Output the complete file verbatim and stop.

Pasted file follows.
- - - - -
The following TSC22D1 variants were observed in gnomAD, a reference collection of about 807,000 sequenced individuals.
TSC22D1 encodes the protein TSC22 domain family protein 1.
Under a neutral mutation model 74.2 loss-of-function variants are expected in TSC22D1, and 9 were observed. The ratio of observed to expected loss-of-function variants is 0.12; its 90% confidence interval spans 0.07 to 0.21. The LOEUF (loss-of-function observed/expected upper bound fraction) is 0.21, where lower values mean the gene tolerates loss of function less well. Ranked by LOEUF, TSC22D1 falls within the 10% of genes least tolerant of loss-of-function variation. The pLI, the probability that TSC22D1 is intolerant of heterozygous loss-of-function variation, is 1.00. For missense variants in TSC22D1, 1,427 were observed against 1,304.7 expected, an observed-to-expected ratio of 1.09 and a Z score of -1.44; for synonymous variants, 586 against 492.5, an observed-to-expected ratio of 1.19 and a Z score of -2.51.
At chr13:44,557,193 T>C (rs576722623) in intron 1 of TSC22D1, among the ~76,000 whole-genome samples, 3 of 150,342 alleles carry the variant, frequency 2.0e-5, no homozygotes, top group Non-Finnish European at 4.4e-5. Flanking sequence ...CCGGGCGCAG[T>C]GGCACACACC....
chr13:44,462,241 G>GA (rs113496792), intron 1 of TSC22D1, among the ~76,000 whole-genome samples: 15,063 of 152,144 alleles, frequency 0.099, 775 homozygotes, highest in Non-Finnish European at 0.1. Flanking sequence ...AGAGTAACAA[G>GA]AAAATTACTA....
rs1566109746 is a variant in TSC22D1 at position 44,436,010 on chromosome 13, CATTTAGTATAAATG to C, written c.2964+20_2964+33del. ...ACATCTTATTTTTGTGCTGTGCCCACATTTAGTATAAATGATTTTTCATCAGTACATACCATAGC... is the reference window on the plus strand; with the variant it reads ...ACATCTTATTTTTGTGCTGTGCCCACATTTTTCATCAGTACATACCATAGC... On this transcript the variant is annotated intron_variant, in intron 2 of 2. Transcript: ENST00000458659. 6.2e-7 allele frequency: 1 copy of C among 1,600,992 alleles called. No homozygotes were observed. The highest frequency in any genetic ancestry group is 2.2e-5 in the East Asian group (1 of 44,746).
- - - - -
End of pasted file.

The following TSC22D1 variants were observed in gnomAD, a reference collection of about 807,000 sequenced individuals.
TSC22D1 encodes the protein TSC22 domain family protein 1.
Under a neutral mutation model 74.2 loss-of-function variants are expected in TSC22D1, and 9 were observed. The ratio of observed to expected loss-of-function variants is 0.12; its 90% confidence interval spans 0.07 to 0.21. The LOEUF (loss-of-function observed/expected upper bound fraction) is 0.21, where lower values mean the gene tolerates loss of function less well. Ranked by LOEUF, TSC22D1 falls within the 10% of genes least tolerant of loss-of-function variation. The pLI, the probability that TSC22D1 is intolerant of heterozygous loss-of-function variation, is 1.00. For missense variants in TSC22D1, 1,427 were observed against 1,304.7 expected, an observed-to-expected ratio of 1.09 and a Z score of -1.44; for synonymous variants, 586 against 492.5, an observed-to-expected ratio of 1.19 and a Z score of -2.51.
At chr13:44,557,193 T>C (rs576722623) in intron 1 of TSC22D1, among the ~76,000 whole-genome samples, 3 of 150,342 alleles carry the variant, frequency 2.0e-5, no homozygotes, top group Non-Finnish European at 4.4e-5. Flanking sequence ...CCGGGCGCAG[T>C]GGCACACACC....
chr13:44,462,241 G>GA (rs113496792), intron 1 of TSC22D1, among the ~76,000 whole-genome samples: 15,063 of 152,144 alleles, frequency 0.099, 775 homozygotes, highest in Non-Finnish European at 0.1. Flanking sequence ...AGAGTAACAA[G>GA]AAAATTACTA....
rs1566109746 is a variant in TSC22D1 at position 44,436,010 on chromosome 13, CATTTAGTATAAATG to C, written c.2964+20_2964+33del. ...ACATCTTATTTTTGTGCTGTGCCCACATTTAGTATAAATGATTTTTCATCAGTACATACCATAGC... is the reference window on the plus strand; with the variant it reads ...ACATCTTATTTTTGTGCTGTGCCCACATTTTTCATCAGTACATACCATAGC... On this transcript the variant is annotated intron_variant, in intron 2 of 2. Transcript: ENST00000458659. 6.2e-7 allele frequency: 1 copy of C among 1,600,992 alleles called. No homozygotes were observed. The highest frequency in any genetic ancestry group is 2.2e-5 in the East Asian group (1 of 44,746).